LAKE WALES, Fla. — The market for microphones based on microelectromechanical system (MEMS) devices will reach the $1 billion milestone, or 5 billion units, this year, up from $993 million in 2016, according to a report from Yole Développement (Lyon, France). Yole further predicts that the electret microphone (ECM) market will hit $700 million this year, edging the combined revenue tally for MEMS and ECM mics close to $2 billion by year’s end.
Yole Development predicts that 2017 will set a new milestone for MEMS audio device sales of $1billion for 5 billion unit sales rising to $20 billion in 2022.
The study, “Acoustic MEMS and Audio Solutions 2017,” further estimates the microspeaker market at nearly $8.7 billion and states that the audio microchip market, including codecs, DSPs, and amplifiers, already exceeds $4.3 billion.
Yole says Vesper VM1000 MEMS microphones is leading the way with its piezoelectric-powered superior signal-to-noise ratio.
“From mobile phones to cars, from home assistants to drones, audio components like MEMS microphones, ECMs, speakers, and audio integrated circuits are essential for key functions of those existing and new products,” study author Guillaume Girardin, technology and market analyst for MEMS and sensors at Yole, told EE Times in an exclusive interview.
Girardin’s report for Yole traces the evolution of the markets for MEMS microphones, ECMs, microspeakers, and audio ICs since 2010. “The recent focus of all big consumer electronics players on audio features testifies to the importance of the audio device market, which will be worth $20 billion by 2022,” he told EE Times. “There’s clearly room for more added value in the audio value chain regarding hardware and software—smarter microphones, algorithms, DSPs, codecs, and microspeakers—which will enhance audio capabilities and drive us to a voice-powered future.”
The evolution of the three audio functions, microphones, speakers and audio ICs, technical trends, and the evolution of strategies to capture a larger part of this fast-growing field, according to Yole.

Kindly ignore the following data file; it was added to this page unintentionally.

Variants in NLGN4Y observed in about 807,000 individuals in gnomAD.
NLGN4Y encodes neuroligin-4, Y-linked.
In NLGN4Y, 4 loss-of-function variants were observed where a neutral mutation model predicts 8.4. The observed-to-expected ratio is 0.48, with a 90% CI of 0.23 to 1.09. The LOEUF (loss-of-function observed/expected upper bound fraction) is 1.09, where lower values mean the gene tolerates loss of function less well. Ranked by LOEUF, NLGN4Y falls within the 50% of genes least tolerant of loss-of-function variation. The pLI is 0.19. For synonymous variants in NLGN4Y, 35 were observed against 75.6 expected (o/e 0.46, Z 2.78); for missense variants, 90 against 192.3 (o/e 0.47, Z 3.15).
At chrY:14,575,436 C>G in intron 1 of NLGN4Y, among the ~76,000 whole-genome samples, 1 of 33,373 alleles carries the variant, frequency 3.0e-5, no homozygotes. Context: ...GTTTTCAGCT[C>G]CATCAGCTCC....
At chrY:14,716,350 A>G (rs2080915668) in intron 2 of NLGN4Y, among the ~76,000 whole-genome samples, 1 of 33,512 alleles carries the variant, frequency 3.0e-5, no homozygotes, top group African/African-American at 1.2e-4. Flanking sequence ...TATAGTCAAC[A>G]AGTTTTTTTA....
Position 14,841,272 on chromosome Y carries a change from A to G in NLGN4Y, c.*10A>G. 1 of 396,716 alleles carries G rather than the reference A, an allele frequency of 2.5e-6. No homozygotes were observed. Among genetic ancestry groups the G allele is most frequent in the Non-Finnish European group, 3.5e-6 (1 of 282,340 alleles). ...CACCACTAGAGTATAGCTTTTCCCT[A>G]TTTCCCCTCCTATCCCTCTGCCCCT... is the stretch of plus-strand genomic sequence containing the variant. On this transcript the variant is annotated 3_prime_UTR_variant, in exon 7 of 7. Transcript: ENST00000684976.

Reports by SystemPlus Consulting and KnowMade, meanwhile, include reverse engineering and cost analysis of the market’s first piezoelectric MEMS microphone, the Vesper VM1000. And in a freely available Q&A exchange with Yole titled “The Future is Voice Powered,” Vesper CEO Matt Crowley revealed Vesper’s strategy and described the features of its piezoelectric approach to MEMS microphones.
The companies can win a segment in the evolution of the total MEMS for audio landscape that we can expect for the next five years, according to Yole.
SystemPlus tore down and analyzed the Knowles, STMicroelectronics, and Goertek MEMS microphones in the Apple iPhone 7-Plus. KnowMade, in turn, used that teardown to reveal the basis of Knowles’ patents and intellectual-property litigation involving those patents in “Knowles MEMS Microphones in Apple iPhone 7 Plus Patent-to-Product mapping.”
The reports collectively conclude that voice, and audio in general, is becoming a key function of consumer, automotive, and industrial applications and is being incorporated into a diverse ecosystem of related acoustic areas. According to Yole, the MEMS microphone market got an extra boost by the use of multiple mics per device—four in the iPhone 7 Plus—contributing to the audio business’ projected 6 percent compound annual growth rate to 2022. As such, the audio supply and value chain will become increasingly important to what Girardin calls our voice-powered future.
— R. Colin Johnson, Advanced Technology Editor, EE Times